Join Date: Jan 2006
Location: Columbus, Ohio
Bikes: Rivendell A.Homer Hilsen, Paramount P13, (4) Falcon bicycles, Mondia Special, Rodriguez Tandem
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Whether it's inexperienced people in pacelines that have caused accidents or whether it was the actions of the paceline itself that cause the pileups is a matter of debate after each TOSRV. What commonly happens is a group of bike riders that are experienced riding with each other form up a paceline just like they do on all their weekend rides and they rocket on down the road at a smooth but fast pace. Usually the paceline forms into a double paceline (two abreast). Other riders who do not even know these guys (and gals) jump on the back to take advantage of the draft. Some may be experienced and some may have no experience. Most of the time they are not doing any worse then the front of the paceline as long as nothing goes wrong. As speeds change there is a bit of yo-yoing on the back but it seems that everyone catches on what to do fairly quickly and if they aren't catching on they usually get nervous and drop off.
But here is where the trouble lies. TOSRV is made up of thousands of riders and many of them are cruising at respectable speeds of 13 or 16 mph but not in pacelines. They may be riding beside one friend and although they are not taking up the entire lane they have a good 2/3's of it. A double paceline approaches from behind and if they are polite they may warn "On your left" or they may choose to pass silently by inches from the passee. But a double paceline may not have room to pass two riders abreast and remain in the lane without passing over the double yellow line. The rules of the road dictate that the overtaking group pass safely, which would mean they pass the slower riders single file, which would not be easy to do, so they just swing out and try to pass as quickly as possible. But it's not so quick because the twenty riders at the front of the paceline have forty riders behind them and sooner or later there is a car coming from the other direction and now the paceline that has bulged out around the passed riders has to move in quickly and the riders caught behind suddenly have to slow down to not hit these slower cyclists. Bad things sometimes happens.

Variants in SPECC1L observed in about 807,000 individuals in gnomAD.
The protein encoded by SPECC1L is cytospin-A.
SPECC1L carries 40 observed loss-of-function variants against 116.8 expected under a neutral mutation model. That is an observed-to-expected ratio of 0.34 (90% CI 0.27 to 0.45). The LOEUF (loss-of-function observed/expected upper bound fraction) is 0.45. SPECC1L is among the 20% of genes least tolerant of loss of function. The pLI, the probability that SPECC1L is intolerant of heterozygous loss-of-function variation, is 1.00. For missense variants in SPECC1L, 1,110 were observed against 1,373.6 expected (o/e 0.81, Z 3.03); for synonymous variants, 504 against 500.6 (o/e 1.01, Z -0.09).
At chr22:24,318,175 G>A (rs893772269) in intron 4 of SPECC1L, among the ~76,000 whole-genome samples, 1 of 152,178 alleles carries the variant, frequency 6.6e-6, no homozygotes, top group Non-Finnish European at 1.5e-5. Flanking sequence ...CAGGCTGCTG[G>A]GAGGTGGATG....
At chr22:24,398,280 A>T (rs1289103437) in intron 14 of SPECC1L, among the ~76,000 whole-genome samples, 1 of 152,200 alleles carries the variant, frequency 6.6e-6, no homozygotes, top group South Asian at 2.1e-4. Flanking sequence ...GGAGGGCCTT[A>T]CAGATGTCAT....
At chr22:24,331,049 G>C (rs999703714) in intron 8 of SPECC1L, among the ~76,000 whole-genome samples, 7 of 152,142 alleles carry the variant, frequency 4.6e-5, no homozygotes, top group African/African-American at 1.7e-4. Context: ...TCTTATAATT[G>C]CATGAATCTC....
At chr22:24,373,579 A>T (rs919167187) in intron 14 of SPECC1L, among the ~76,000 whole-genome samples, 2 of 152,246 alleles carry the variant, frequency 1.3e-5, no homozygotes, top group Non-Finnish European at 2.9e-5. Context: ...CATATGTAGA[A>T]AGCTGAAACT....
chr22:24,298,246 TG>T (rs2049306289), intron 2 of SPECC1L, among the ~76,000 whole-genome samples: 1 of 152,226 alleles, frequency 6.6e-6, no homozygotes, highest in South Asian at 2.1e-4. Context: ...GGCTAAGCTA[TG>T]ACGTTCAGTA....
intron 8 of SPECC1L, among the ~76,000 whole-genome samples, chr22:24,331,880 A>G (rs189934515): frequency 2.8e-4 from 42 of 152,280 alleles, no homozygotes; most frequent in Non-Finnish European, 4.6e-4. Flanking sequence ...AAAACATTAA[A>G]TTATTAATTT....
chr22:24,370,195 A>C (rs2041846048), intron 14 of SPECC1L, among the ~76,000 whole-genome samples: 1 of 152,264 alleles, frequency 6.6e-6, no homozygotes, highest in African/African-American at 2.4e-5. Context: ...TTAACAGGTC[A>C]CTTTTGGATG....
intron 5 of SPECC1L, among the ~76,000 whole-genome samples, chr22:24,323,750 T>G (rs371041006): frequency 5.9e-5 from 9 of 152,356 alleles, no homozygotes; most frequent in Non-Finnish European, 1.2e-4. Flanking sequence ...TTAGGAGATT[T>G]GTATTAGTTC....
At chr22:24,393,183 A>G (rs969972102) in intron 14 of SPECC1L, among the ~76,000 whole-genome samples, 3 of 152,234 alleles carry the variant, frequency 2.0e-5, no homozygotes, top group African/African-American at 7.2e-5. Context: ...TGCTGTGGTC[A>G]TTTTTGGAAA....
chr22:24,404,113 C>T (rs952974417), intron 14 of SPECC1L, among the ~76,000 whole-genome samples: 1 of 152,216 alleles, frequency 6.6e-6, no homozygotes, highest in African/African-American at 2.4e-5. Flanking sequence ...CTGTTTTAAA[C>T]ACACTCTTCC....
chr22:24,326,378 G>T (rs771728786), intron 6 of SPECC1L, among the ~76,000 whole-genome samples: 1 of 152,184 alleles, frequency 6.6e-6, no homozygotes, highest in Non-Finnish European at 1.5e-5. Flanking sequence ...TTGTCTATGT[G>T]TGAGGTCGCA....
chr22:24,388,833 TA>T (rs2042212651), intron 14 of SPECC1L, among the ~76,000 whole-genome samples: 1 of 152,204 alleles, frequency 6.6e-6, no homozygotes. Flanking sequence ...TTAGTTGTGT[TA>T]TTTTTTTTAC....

So who's at fault? The passed riders for not going to single file whenever a paceline approaches from behind? Who's to say that pacelines riding two abreast have priority over slower cyclists riding two abreast? It's actually the opposite.
The guys at the front? They'll maintain that the road was clear ahead and that they had room to pass, at least for the twenty of them belonging to club X who are presumably riding as a unit. If they had room to pass without crossing the yellow line then they're probably right.
The riders who have jumped on the paceline from the back such that it is so long that it takes a great long while to pass other cyclists? I would assign a good deal of blame to them, whether they are experienced paceliners or not.
Over the last ten years TOSRV has mellowed considerably since the go-go 1980's and 1990's with 6,000 riders. The largest demographic group today is the 40-49 year olds followed closely by the 50-59 year olds. Not a geriatric takeover, same exact riders, you can do the math. So there are not as many pacelines, they are not as big as they used to be. And the slower riders being passed are also riding straighter lines and keep to the right a little better. It all has to do with experience gained over the last ten or twenty or forty years.
It remains a well organized and fun ride to do. It's long history makes it well known throughout the bike world and a great many later mass rides were modeled on it. The overnight format gives participants a greater sense of adventure. There is no quitting early to take a shortcut home. There is a heightened sense of comraderie with your fellow travelers as you meet newly made friends for dinner in Portsmouth.
Long answer for a simple question. But if you have any other questions about TOSRV I can go on and on about it.